How do you obtain this formula?

I saw this in my textbook that asin(x)+bcos(x) can be written as Rsin(x+@). And there is a similar formula for cosine as well. It also says that R^{2}=a^{2}+b^{2}. How and why do we obtain these relations? And what about putting in some variations like putting powers on the trig functions. In the textbook these types of questions continually keep cropping up like: convert 3sin(x)+2cos(x) in the form Rsin(x+@). Can you explain how doing it by using double angle or addition formulae of trig functions, if possible. Or what if we have to convert it to Rcos(x+@).Or if there are powers on trig functions.

Re: How do you obtain this formula?

Let $\displaystyle f \left( x \right)=a \sin x+b \cos x$

Divide both members by $\displaystyle \sqrt{a^2+b^2}$:

$\displaystyle \frac{f \left( x \right)}{\sqrt{a^2+b^2}}=\frac{a}{\sqrt{a^2+b^2}}\ sin x+\frac{b}{\sqrt{a^2+b^2}}\cos x$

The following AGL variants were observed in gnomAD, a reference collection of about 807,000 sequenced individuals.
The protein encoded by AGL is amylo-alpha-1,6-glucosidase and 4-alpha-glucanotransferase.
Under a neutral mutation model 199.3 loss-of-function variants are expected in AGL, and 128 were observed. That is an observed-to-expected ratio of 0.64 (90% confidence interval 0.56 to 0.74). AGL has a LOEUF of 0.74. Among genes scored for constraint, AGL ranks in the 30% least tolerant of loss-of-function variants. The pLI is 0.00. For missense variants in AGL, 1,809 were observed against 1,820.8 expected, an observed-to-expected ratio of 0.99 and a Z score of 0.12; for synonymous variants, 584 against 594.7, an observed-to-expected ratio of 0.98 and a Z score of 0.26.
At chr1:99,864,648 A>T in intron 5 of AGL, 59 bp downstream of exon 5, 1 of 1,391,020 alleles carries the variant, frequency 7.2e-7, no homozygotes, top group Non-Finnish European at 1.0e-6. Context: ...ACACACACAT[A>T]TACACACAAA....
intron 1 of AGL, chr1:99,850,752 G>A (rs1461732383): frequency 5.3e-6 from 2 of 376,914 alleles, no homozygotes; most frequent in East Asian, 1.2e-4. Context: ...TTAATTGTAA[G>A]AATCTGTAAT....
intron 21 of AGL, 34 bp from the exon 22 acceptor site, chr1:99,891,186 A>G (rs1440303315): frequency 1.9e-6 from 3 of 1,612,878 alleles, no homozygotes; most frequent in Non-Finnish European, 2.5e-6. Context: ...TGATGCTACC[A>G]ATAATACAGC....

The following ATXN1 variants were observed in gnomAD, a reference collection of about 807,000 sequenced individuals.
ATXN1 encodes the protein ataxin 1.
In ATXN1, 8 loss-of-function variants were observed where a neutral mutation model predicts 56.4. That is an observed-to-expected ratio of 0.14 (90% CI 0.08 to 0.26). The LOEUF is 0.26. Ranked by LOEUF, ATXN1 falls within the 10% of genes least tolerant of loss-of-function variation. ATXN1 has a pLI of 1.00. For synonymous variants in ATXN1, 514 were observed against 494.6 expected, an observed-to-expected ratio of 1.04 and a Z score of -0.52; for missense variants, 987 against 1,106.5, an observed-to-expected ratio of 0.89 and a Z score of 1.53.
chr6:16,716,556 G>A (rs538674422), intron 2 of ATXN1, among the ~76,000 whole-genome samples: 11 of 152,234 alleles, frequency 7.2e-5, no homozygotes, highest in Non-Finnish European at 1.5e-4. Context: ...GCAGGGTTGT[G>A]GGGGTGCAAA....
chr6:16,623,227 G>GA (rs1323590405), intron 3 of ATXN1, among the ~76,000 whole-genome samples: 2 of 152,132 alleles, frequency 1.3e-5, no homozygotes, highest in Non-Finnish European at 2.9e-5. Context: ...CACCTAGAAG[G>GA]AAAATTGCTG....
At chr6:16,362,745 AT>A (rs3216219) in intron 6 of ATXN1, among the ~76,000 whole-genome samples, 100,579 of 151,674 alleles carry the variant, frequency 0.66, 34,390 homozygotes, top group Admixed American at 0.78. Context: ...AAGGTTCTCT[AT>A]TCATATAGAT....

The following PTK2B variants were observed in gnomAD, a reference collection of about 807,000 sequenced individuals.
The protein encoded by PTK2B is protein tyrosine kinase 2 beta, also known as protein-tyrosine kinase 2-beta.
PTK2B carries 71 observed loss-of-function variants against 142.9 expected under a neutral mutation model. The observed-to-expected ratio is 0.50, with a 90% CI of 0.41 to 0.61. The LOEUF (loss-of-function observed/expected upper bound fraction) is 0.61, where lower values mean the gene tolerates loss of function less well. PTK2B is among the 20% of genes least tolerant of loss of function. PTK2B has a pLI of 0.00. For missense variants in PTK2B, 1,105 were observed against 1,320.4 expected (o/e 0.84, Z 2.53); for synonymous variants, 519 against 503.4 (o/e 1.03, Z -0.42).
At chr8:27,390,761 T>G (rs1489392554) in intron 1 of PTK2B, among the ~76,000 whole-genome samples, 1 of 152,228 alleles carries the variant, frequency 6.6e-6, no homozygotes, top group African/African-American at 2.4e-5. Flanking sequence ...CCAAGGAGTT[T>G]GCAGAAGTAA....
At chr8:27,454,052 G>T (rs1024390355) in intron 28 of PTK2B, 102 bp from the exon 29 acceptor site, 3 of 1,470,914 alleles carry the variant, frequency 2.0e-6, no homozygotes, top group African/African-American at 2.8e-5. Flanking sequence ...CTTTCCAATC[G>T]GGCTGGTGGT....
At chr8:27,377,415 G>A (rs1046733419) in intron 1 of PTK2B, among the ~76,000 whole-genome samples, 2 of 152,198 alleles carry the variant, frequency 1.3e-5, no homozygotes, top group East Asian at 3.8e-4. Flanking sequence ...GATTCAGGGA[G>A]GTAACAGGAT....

We have that $\displaystyle \left(\frac{a}{\sqrt{a^2+b^2}}\right)^2+\left( \frac{b}{\sqrt{a^2+b^2}}\right)^2=1$ and $\displaystyle \frac{a}{\sqrt{a^2+b^2}}, \ \frac{b}{\sqrt{a^2+b^2}}\in \left[ -1,1\right]$.

Then $\displaystyle \exists \phi\in \mathcal{R}$ such as $\displaystyle \cos\phi = \frac{a}{\sqrt{a^2+b^2}}$ and $\displaystyle \sin\phi = \frac{b}{\sqrt{a^2+b^2}}$

So $\displaystyle \frac{f\left( x \right)}{\sqrt{a^2+b^2}}=\sin x\cos\phi+\sin\phi\cos x=\sin\left(x+\phi\right)$

and $\displaystyle f \left( x \right)=\sqrt{a^2+b^2}\sin\left(x+\phi\right)$

If we note $\displaystyle R^2=a^2+b^2$ then $\displaystyle a\sin x+b\cos x=R\sin\left(x+\phi\right)$